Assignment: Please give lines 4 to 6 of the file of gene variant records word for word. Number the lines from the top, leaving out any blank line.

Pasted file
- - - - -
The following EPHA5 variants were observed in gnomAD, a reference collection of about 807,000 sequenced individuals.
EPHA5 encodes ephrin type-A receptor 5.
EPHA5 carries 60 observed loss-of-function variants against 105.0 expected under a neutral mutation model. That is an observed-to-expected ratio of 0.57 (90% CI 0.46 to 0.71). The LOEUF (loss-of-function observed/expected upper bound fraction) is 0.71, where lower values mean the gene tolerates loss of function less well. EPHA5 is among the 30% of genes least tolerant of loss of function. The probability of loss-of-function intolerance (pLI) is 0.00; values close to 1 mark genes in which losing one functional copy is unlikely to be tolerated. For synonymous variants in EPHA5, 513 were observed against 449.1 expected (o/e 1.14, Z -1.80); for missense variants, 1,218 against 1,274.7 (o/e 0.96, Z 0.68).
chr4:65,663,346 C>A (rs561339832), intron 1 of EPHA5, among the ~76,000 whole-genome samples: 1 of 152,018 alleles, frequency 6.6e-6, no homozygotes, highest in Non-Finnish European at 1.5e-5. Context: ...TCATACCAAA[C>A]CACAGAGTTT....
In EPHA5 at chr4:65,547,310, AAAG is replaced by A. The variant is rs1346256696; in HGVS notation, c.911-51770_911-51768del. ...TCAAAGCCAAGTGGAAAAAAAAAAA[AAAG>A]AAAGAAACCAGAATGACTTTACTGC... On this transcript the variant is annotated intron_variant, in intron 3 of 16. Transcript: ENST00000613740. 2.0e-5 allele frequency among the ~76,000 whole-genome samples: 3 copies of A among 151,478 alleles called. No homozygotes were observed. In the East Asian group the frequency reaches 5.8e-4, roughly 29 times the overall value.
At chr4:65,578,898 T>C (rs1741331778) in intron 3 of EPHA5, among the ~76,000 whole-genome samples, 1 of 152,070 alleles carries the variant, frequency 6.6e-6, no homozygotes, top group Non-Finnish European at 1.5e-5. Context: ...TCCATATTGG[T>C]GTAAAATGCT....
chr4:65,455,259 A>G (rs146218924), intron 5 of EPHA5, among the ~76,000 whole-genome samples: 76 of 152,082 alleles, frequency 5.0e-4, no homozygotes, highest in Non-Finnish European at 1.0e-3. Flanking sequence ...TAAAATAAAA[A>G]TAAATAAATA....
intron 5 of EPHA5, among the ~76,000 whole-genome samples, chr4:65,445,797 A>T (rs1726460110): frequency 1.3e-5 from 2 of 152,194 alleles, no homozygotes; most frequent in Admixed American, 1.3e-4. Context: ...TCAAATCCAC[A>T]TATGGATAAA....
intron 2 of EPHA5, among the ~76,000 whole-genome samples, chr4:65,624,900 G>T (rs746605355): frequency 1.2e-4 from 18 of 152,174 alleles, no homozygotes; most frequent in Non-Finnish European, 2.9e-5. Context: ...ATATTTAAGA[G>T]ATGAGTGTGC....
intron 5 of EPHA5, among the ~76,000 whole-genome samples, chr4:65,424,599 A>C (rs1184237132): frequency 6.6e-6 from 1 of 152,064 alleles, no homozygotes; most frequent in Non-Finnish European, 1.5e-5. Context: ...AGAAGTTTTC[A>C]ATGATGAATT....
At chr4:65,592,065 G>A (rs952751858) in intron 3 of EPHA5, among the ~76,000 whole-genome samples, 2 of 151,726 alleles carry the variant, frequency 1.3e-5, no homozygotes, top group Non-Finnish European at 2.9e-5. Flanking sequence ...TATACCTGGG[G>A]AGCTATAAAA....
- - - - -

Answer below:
chr4:65,663,346 C>A (rs561339832), intron 1 of EPHA5, among the ~76,000 whole-genome samples: 1 of 152,018 alleles, frequency 6.6e-6, no homozygotes, highest in Non-Finnish European at 1.5e-5. Context: ...TCATACCAAA[C>A]CACAGAGTTT....
In EPHA5 at chr4:65,547,310, AAAG is replaced by A. The variant is rs1346256696; in HGVS notation, c.911-51770_911-51768del. ...TCAAAGCCAAGTGGAAAAAAAAAAA[AAAG>A]AAAGAAACCAGAATGACTTTACTGC... On this transcript the variant is annotated intron_variant, in intron 3 of 16. Transcript: ENST00000613740. 2.0e-5 allele frequency among the ~76,000 whole-genome samples: 3 copies of A among 151,478 alleles called. No homozygotes were observed. In the East Asian group the frequency reaches 5.8e-4, roughly 29 times the overall value.
At chr4:65,578,898 T>C (rs1741331778) in intron 3 of EPHA5, among the ~76,000 whole-genome samples, 1 of 152,070 alleles carries the variant, frequency 6.6e-6, no homozygotes, top group Non-Finnish European at 1.5e-5. Context: ...TCCATATTGG[T>C]GTAAAATGCT....